Right. But you're going to, anyway, aren't you? So why don't you stop bothering me with your silly questions, m'kay?

MANY PEOPLE WHO are so into South Park that they can win T-shirts in a radio-station quiz by knowing the name of Stan's gay dog (Sparky) or the periodical on the cover of which Cartman's cookie-pushing mom was featured (Crack Whore Magazine) don't fully realize just how bizarre the story behind the show is.

Five years ago, Parker, fresh out of U Colorado­Boulder, where he collaborated with math student Stone on several crude (in every sense) short films, shot a no-budget feature about the life and time of the noted Colorado pioneer and anthropophage Alfred Packer.

Cannibal: The Musical was seen by a Fox executive (and pretty much nobody else) who liked its sassy attitude and gave Parker $1,200 to put together a video he could send as a Christmas card to friends in the business. Basing their work on a joint school project called Frosty vs. Santa Claus, Parker and Stone whomped up a five-minute animation in which Jesus and Santa Claus wrassle in front of an audience of dirty-mouthed sub-teen boys to see who's going to dominate the Yuletide holiday.

Once the video made its rounds, Stone and Parker, who had been living on Fritos, found themselves the hottest property in Tinsel Town. Comedy Central came in first in the ensuing bidding war for their services, and before you could say, "Oh my God, they killed Kenny!" the first of six half-hour animations based on the setting and characters of the video premiered on August 13, 1997. Wednesdays at 10pm almost immediately became the place to be on cable.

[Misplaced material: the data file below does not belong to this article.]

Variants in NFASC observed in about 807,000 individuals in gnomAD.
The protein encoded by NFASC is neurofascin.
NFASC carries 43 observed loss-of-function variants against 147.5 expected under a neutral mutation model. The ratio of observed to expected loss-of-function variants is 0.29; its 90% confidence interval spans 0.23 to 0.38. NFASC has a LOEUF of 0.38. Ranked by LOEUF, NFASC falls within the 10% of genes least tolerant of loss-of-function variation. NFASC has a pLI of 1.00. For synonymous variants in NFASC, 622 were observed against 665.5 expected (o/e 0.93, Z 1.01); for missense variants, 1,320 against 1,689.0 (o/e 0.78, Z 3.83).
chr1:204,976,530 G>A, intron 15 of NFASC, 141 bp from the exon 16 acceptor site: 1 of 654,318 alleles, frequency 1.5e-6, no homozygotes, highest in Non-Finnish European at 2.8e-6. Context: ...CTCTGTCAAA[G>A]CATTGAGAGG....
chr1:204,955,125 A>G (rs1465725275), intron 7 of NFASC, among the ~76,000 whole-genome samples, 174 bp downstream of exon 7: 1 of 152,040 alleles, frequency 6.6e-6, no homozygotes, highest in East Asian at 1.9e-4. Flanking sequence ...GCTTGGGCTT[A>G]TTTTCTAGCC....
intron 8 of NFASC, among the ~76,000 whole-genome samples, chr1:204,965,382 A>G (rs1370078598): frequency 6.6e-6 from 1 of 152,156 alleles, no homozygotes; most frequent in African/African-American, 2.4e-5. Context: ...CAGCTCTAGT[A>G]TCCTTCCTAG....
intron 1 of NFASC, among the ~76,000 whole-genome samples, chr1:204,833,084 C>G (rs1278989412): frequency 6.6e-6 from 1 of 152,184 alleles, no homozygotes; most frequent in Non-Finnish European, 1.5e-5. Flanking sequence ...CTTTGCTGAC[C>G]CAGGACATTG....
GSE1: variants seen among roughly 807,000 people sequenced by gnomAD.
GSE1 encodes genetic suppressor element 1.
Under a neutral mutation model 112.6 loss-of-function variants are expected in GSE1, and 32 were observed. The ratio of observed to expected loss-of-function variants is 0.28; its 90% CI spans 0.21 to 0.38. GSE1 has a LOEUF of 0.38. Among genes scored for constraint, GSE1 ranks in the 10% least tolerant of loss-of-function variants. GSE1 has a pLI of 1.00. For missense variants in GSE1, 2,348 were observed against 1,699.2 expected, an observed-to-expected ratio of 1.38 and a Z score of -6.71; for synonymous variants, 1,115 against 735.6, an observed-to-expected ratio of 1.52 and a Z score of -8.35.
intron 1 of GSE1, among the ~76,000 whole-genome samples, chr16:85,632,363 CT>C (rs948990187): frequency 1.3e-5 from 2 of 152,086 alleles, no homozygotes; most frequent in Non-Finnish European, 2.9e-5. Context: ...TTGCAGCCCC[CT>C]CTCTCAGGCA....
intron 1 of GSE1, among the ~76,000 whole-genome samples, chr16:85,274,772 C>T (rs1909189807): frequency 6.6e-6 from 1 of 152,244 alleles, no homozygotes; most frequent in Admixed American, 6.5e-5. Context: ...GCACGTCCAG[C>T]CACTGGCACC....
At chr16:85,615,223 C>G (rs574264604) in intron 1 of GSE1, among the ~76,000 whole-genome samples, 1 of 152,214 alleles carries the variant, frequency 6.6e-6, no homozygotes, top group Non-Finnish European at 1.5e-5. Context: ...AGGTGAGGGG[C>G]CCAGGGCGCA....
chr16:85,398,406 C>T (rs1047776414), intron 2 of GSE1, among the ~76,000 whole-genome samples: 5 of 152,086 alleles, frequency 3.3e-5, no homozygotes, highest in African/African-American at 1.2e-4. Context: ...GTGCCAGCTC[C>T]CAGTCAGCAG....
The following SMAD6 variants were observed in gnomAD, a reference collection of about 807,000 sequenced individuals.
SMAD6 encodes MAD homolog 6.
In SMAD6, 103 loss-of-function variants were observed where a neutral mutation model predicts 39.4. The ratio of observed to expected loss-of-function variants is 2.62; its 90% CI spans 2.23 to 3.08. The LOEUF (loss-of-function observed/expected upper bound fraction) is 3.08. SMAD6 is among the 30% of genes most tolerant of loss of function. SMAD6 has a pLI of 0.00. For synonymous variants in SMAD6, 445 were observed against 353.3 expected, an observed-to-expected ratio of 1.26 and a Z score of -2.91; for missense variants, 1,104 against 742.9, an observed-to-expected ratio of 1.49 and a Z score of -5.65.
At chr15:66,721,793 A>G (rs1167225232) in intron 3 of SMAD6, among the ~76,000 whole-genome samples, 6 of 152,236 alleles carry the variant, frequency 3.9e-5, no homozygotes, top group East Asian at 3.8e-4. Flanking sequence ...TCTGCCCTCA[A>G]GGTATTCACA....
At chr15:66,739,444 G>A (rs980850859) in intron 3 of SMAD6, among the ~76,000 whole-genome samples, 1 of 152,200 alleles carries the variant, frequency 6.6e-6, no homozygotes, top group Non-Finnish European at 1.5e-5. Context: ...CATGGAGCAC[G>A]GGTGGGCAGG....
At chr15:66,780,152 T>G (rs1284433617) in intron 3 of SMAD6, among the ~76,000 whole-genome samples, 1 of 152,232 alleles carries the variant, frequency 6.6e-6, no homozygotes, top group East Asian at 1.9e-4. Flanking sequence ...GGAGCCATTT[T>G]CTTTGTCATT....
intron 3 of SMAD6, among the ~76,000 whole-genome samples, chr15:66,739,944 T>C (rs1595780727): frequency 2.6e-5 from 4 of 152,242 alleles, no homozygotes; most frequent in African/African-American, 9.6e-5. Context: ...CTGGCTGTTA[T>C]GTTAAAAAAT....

In less than two years, South Park: The Franchise has grossed hundreds of millions, most of it from sales of videos (there are now about 20 episodes in the can), T-shirts, stuffed toys, and the like. A movie was inevitable.

Given the fact that much of the humor of the series is rooted in scatology, blasphemy, perversity, and A-level political incorrectness, all of it floating in a bubble bath of barely disguised gay camp, controversy was bound to accompany the opening of the film. Controversy there has already been (the editorialists of the tabloid New York Post are particularly upset) and more there surely will be. So enough of public service and neutral exposition: To paraphrase the Thing, it's pop-culture pontificatin' time!